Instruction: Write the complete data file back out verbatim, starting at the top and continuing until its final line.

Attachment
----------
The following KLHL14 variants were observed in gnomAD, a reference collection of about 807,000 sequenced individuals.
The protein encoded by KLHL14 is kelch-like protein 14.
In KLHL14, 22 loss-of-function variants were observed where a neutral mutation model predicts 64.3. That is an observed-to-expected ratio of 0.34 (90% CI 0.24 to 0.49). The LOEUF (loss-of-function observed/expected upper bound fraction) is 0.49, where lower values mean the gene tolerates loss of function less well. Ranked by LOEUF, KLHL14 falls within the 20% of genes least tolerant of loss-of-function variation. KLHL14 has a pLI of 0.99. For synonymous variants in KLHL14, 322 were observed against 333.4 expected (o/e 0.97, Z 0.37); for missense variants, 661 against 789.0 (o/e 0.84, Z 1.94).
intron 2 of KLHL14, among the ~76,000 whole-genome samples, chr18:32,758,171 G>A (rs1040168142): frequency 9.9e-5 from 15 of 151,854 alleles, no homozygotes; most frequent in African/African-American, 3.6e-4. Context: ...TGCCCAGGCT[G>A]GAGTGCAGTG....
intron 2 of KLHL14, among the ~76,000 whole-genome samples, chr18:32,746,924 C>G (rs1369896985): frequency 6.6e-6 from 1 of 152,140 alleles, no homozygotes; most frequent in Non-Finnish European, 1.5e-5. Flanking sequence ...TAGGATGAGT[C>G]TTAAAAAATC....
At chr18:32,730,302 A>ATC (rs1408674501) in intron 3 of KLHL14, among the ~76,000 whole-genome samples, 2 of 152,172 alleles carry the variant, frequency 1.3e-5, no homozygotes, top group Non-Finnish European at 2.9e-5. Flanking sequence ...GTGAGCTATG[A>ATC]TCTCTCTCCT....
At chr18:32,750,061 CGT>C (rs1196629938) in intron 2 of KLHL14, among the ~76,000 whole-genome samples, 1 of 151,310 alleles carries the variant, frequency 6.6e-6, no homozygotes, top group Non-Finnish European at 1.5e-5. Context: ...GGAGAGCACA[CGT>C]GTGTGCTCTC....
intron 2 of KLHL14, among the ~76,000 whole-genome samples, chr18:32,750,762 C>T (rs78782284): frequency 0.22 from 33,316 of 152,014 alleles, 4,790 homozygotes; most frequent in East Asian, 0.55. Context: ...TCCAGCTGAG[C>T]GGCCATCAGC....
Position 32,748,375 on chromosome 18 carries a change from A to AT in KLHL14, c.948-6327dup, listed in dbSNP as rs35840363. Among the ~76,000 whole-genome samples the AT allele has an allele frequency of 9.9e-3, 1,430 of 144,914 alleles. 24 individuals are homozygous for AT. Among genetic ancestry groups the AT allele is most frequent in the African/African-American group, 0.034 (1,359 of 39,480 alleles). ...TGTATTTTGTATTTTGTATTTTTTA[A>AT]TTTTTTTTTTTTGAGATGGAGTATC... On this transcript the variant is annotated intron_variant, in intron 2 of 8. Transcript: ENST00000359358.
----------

The following KLHL14 variants were observed in gnomAD, a reference collection of about 807,000 sequenced individuals.
The protein encoded by KLHL14 is kelch-like protein 14.
In KLHL14, 22 loss-of-function variants were observed where a neutral mutation model predicts 64.3. That is an observed-to-expected ratio of 0.34 (90% CI 0.24 to 0.49). The LOEUF (loss-of-function observed/expected upper bound fraction) is 0.49, where lower values mean the gene tolerates loss of function less well. Ranked by LOEUF, KLHL14 falls within the 20% of genes least tolerant of loss-of-function variation. KLHL14 has a pLI of 0.99. For synonymous variants in KLHL14, 322 were observed against 333.4 expected (o/e 0.97, Z 0.37); for missense variants, 661 against 789.0 (o/e 0.84, Z 1.94).
intron 2 of KLHL14, among the ~76,000 whole-genome samples, chr18:32,758,171 G>A (rs1040168142): frequency 9.9e-5 from 15 of 151,854 alleles, no homozygotes; most frequent in African/African-American, 3.6e-4. Context: ...TGCCCAGGCT[G>A]GAGTGCAGTG....
intron 2 of KLHL14, among the ~76,000 whole-genome samples, chr18:32,746,924 C>G (rs1369896985): frequency 6.6e-6 from 1 of 152,140 alleles, no homozygotes; most frequent in Non-Finnish European, 1.5e-5. Flanking sequence ...TAGGATGAGT[C>G]TTAAAAAATC....
At chr18:32,730,302 A>ATC (rs1408674501) in intron 3 of KLHL14, among the ~76,000 whole-genome samples, 2 of 152,172 alleles carry the variant, frequency 1.3e-5, no homozygotes, top group Non-Finnish European at 2.9e-5. Flanking sequence ...GTGAGCTATG[A>ATC]TCTCTCTCCT....
At chr18:32,750,061 CGT>C (rs1196629938) in intron 2 of KLHL14, among the ~76,000 whole-genome samples, 1 of 151,310 alleles carries the variant, frequency 6.6e-6, no homozygotes, top group Non-Finnish European at 1.5e-5. Context: ...GGAGAGCACA[CGT>C]GTGTGCTCTC....
intron 2 of KLHL14, among the ~76,000 whole-genome samples, chr18:32,750,762 C>T (rs78782284): frequency 0.22 from 33,316 of 152,014 alleles, 4,790 homozygotes; most frequent in East Asian, 0.55. Context: ...TCCAGCTGAG[C>T]GGCCATCAGC....
Position 32,748,375 on chromosome 18 carries a change from A to AT in KLHL14, c.948-6327dup, listed in dbSNP as rs35840363. Among the ~76,000 whole-genome samples the AT allele has an allele frequency of 9.9e-3, 1,430 of 144,914 alleles. 24 individuals are homozygous for AT. Among genetic ancestry groups the AT allele is most frequent in the African/African-American group, 0.034 (1,359 of 39,480 alleles). ...TGTATTTTGTATTTTGTATTTTTTA[A>AT]TTTTTTTTTTTTGAGATGGAGTATC... On this transcript the variant is annotated intron_variant, in intron 2 of 8. Transcript: ENST00000359358.